1. At the risk of sounding too negative, Bills quarterback Tyrod Taylor would be crazy to restructure his contract. If Taylor hits the open market, he will have suitors. As pointed out Wednesday, Pro Football Focus recently ranked Taylor as the top available quarterback on the open market (provided, of course, he gets there), ahead of Dallas' Tony Romo and New England's Jimmy Garoppolo.
Taylor owes the Bills no favors, especially after the team benched him in Week 17. That was a business decision that made sense, but that doesn't mean it should sit well with Taylor. The Bills put themselves in this situation by extending Taylor's contract when they didn't need to. With a dearth of even decent starting quarterbacks in the league, Taylor has put himself in an ideal spot to get paid by simply being mediocre. If the Bills don't pay him, someone else will.
2. In a recent column at Sporting News by Eric Galko, the owner of Optimum Scouting, he identifies the Bills as the team to "watch out for" in regards to trading up in the draft. "If I had to predict one team to make a Goff/Wentz trade-up, it'd be the Bills this year," Galko writes. "Cleveland will be all ears when it comes to trading down from No. 1 overall."
This idea, in a word, is terrible. Four years ago, the Bills put themselves in a corner when former General Manager Buddy Nix all but showed the world his draft board and made it beyond clear that the Bills were drafting a quarterback in what was perceived to be a weak class at the position. That resulted in reaching for EJ Manuel, and we all know how that turned out.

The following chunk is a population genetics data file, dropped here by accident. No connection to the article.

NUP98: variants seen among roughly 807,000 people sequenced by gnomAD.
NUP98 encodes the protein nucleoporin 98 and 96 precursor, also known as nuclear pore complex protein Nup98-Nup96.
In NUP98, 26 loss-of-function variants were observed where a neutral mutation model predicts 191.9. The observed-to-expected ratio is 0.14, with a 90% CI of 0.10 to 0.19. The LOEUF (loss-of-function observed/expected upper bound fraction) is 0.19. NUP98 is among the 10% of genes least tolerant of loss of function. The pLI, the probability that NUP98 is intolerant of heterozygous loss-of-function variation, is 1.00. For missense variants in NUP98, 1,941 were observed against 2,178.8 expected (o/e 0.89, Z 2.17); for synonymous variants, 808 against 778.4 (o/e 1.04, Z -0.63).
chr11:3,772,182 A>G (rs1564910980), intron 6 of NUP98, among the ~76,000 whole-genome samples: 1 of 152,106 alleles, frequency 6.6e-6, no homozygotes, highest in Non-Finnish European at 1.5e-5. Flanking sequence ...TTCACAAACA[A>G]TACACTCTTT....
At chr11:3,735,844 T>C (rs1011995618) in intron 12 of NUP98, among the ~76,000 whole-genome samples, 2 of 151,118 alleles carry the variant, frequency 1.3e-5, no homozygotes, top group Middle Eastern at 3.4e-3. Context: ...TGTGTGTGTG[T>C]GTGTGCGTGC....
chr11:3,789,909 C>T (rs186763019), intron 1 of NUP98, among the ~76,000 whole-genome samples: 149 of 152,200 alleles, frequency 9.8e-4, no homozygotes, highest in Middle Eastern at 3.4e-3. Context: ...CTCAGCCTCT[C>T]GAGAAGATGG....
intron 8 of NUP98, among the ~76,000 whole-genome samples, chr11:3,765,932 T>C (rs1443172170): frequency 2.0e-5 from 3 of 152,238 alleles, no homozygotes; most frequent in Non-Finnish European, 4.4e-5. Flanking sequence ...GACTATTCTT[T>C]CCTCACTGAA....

Current General Manager Doug Whaley's big splash was trading up for Sammy Watkins, a decision that has backfired so badly it would be reason alone to fire him. The Bills have a roster full of holes, and only six draft picks with which to fill them. It only makes sense to trade up for a franchise quarterback, and there is no consensus one of those exists in what is looked at as another weak class at the position. It's reasonable for the Bills to keep drafting quarterbacks, but trading up to do so -- given Whaley's track record -- should not be a consideration.
3. It's early in the draft process, but one name to keep an eye for the Bills is wide receiver Zay Jones of East Carolina. The Bills surely have a good scouting report on Jones, because his college position coach, Phil McGeoghan, holds the same job now with the Bills. Jones set NCAA records for most career receptions (399) and single-season catches (158) in 2016. He impressed at the Senior Bowl, and can improve his draft stock with a good showing in the 40-yard dash next month at the NFL Scouting Combine. Given the Bills' needs at receiver, he's a player to keep an eye on.